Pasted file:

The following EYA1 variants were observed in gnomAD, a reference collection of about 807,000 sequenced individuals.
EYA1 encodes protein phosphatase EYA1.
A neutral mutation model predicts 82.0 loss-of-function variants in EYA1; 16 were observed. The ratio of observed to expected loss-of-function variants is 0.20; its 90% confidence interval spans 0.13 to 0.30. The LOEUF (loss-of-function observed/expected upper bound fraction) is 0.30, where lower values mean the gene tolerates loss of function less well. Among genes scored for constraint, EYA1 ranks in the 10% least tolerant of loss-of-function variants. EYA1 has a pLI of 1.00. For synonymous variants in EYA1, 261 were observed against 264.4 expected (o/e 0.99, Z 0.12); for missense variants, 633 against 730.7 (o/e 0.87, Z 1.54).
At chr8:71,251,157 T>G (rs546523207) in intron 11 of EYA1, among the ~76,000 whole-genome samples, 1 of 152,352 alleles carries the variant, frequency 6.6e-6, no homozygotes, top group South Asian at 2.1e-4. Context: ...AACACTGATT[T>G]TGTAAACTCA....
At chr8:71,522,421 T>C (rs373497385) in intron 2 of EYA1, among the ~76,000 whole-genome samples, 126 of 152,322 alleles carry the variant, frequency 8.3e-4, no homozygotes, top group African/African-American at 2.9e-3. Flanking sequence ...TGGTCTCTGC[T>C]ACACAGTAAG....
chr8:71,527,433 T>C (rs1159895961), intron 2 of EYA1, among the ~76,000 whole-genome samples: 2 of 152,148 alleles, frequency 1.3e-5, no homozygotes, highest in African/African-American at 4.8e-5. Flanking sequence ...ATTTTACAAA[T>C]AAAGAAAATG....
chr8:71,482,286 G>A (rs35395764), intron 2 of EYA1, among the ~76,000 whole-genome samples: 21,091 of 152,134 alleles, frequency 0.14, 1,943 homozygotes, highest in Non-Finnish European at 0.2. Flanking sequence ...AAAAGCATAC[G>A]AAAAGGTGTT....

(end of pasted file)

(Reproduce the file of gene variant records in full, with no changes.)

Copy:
The following EYA1 variants were observed in gnomAD, a reference collection of about 807,000 sequenced individuals.
EYA1 encodes protein phosphatase EYA1.
A neutral mutation model predicts 82.0 loss-of-function variants in EYA1; 16 were observed. The ratio of observed to expected loss-of-function variants is 0.20; its 90% confidence interval spans 0.13 to 0.30. The LOEUF (loss-of-function observed/expected upper bound fraction) is 0.30, where lower values mean the gene tolerates loss of function less well. Among genes scored for constraint, EYA1 ranks in the 10% least tolerant of loss-of-function variants. EYA1 has a pLI of 1.00. For synonymous variants in EYA1, 261 were observed against 264.4 expected (o/e 0.99, Z 0.12); for missense variants, 633 against 730.7 (o/e 0.87, Z 1.54).
At chr8:71,251,157 T>G (rs546523207) in intron 11 of EYA1, among the ~76,000 whole-genome samples, 1 of 152,352 alleles carries the variant, frequency 6.6e-6, no homozygotes, top group South Asian at 2.1e-4. Context: ...AACACTGATT[T>G]TGTAAACTCA....
At chr8:71,522,421 T>C (rs373497385) in intron 2 of EYA1, among the ~76,000 whole-genome samples, 126 of 152,322 alleles carry the variant, frequency 8.3e-4, no homozygotes, top group African/African-American at 2.9e-3. Flanking sequence ...TGGTCTCTGC[T>C]ACACAGTAAG....
chr8:71,527,433 T>C (rs1159895961), intron 2 of EYA1, among the ~76,000 whole-genome samples: 2 of 152,148 alleles, frequency 1.3e-5, no homozygotes, highest in African/African-American at 4.8e-5. Flanking sequence ...ATTTTACAAA[T>C]AAAGAAAATG....
chr8:71,482,286 G>A (rs35395764), intron 2 of EYA1, among the ~76,000 whole-genome samples: 21,091 of 152,134 alleles, frequency 0.14, 1,943 homozygotes, highest in Non-Finnish European at 0.2. Flanking sequence ...AAAAGCATAC[G>A]AAAAGGTGTT....